“This is a player, to me he’s the modern centre half. He’s six-foot-four, he does not get beat in aerial challenges. He’s dominant in the air in one-v-one duels. But he can get the ball on the ground and I’ve not seen a player who’s a central defender in the NASL or the CPL that can ping a diagonal ball like Amer Didic,” Paulus offered.

Didic admits he’s had no contact with John Herdman, who took over as the coach of the national side in early 2018 (It was Octavio Zambrano called him up to the Canadian senior side in late 2017.)

When FC Edmonton was announced as a Canadian Premier League side, Paulus had Didic at the top of his wish-list. But Didic was still with Sporting Kansas City at the time, so the odds seemed very long when it came to repatriating his old academy pupil. The odds were even longer when Didic signed with San Antonio of the USL in 2019. But, early in the season, Didic and his USL club mutually agreed to part ways — he declined to go into detail about what happened.

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So, all of a sudden, Paulus’s top target was available: “It’s a kid I really care about, so I always keep tabs on him, what he’s doing.”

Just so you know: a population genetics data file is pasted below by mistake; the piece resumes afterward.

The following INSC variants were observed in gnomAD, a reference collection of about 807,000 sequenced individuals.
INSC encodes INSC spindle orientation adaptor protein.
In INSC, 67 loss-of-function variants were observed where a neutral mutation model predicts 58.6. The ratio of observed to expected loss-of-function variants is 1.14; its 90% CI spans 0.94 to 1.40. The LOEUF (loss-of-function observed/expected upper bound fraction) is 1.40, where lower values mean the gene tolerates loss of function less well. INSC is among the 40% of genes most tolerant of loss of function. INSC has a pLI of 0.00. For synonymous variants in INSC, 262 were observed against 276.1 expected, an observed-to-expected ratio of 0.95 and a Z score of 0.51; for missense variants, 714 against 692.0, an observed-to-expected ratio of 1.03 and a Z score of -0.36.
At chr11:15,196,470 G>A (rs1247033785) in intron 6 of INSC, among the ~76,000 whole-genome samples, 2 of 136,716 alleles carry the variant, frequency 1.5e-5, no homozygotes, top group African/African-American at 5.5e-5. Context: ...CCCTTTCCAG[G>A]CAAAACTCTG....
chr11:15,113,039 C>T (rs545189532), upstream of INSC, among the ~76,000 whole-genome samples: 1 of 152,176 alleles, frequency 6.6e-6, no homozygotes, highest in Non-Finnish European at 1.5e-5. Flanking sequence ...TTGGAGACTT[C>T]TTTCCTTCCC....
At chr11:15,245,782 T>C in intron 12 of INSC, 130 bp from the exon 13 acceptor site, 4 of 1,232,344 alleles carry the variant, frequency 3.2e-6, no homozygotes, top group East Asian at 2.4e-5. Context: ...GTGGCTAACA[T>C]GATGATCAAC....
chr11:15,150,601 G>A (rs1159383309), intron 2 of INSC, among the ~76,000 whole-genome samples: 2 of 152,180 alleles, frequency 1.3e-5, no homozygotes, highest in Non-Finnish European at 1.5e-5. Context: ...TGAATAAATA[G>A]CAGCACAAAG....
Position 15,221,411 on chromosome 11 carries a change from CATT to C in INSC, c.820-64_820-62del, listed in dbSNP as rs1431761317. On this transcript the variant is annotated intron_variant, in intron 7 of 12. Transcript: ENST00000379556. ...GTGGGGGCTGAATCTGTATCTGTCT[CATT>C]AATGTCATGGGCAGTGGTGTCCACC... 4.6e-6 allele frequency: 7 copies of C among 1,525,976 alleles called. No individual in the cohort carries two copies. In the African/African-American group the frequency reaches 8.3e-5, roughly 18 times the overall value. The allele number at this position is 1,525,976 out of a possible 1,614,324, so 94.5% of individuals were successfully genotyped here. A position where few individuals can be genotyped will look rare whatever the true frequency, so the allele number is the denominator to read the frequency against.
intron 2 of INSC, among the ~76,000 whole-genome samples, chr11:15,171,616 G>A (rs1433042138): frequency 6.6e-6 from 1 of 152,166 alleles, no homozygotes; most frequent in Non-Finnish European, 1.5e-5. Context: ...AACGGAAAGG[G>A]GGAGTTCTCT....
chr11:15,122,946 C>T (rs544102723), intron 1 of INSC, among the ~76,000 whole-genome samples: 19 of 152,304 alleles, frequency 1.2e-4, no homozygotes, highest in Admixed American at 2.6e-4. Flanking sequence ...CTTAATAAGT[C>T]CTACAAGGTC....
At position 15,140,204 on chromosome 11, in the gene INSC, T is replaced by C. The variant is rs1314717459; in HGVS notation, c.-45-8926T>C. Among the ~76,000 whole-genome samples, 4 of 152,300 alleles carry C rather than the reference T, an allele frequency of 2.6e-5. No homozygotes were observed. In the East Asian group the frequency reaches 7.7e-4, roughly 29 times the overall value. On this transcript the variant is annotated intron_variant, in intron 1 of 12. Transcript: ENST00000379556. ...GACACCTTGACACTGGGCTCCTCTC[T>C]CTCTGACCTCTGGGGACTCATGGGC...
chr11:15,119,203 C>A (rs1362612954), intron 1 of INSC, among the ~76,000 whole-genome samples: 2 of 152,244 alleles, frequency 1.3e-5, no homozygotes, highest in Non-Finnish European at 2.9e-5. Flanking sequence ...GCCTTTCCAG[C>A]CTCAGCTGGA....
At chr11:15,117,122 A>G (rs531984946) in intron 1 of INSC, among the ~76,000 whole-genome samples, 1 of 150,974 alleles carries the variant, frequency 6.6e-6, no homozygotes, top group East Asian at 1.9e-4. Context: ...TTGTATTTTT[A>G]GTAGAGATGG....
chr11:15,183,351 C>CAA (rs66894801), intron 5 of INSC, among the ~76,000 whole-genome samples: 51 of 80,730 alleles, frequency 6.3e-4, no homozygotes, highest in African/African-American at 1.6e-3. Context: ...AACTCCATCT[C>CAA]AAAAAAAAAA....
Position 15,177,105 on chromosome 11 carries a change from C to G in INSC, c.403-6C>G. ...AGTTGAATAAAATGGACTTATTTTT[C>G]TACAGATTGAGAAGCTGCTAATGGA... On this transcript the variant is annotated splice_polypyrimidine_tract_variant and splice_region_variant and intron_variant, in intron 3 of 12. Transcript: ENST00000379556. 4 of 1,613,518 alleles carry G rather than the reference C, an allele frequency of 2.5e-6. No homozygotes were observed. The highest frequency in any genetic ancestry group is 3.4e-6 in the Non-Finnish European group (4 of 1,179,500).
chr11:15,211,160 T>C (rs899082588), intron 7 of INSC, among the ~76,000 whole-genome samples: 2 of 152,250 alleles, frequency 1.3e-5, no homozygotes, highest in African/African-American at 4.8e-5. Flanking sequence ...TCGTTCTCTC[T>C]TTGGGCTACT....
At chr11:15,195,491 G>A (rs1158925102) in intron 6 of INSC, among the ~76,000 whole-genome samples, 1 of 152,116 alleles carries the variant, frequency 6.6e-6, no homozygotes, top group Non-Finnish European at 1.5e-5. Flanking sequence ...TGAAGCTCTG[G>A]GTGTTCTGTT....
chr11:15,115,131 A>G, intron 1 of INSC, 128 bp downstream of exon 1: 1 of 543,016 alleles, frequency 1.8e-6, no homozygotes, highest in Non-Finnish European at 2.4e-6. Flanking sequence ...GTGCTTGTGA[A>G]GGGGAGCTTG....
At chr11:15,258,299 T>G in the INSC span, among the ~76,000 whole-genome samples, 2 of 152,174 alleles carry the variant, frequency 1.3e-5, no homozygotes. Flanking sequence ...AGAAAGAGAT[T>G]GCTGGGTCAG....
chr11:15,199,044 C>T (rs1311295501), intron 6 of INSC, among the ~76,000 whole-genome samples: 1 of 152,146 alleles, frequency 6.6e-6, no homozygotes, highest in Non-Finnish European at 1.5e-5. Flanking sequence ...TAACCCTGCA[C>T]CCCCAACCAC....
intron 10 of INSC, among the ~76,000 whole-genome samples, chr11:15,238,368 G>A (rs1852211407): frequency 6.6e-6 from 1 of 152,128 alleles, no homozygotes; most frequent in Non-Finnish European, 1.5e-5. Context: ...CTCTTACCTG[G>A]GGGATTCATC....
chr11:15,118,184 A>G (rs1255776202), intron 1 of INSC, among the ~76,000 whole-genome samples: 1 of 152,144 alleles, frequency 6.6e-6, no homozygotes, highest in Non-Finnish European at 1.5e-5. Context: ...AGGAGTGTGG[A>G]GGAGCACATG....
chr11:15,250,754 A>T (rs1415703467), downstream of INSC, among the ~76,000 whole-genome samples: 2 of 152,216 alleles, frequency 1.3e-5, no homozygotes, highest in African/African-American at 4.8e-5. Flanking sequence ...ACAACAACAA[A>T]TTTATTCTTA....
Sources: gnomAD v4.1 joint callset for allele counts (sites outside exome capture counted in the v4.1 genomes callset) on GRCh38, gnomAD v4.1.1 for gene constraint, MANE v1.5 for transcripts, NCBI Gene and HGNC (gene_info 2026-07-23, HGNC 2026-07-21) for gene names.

“It was pretty quick, it happened really fast,” Didic recalled. “It all happened within a week or so while I was in Texas. I’m thankful for the opportunity Jeff gave me at the time. Playing every day is what I want to do.”

Playing every day hasn’t been how it’s worked out, though. Didic set up a goal with a flicked header in FCE’s first-ever CPL match, a 2-1 win at Valour FC. But, he’s missed a handful of games in both the Spring and Fall season — and you can wonder where FCE might be in the standings had Didic not torn his groin. Would the Eddies have given up three set-piece goals to York9 in the Canadian Championship loss had Didic, a towering presence in the back, been able to play?

“Coming in, I felt good, then the groin came pretty bad. I had a pretty bad tear in the groin and never could get it to heal fully, then it came back for a couple of games,” Didic said.

It hasn’t been an easy season, but you’d still have Didic at the top of your list when it comes to CPL centre backs you’d think might earn a national-team call-up in the near future. His career hasn’t hit peak altitude, yet.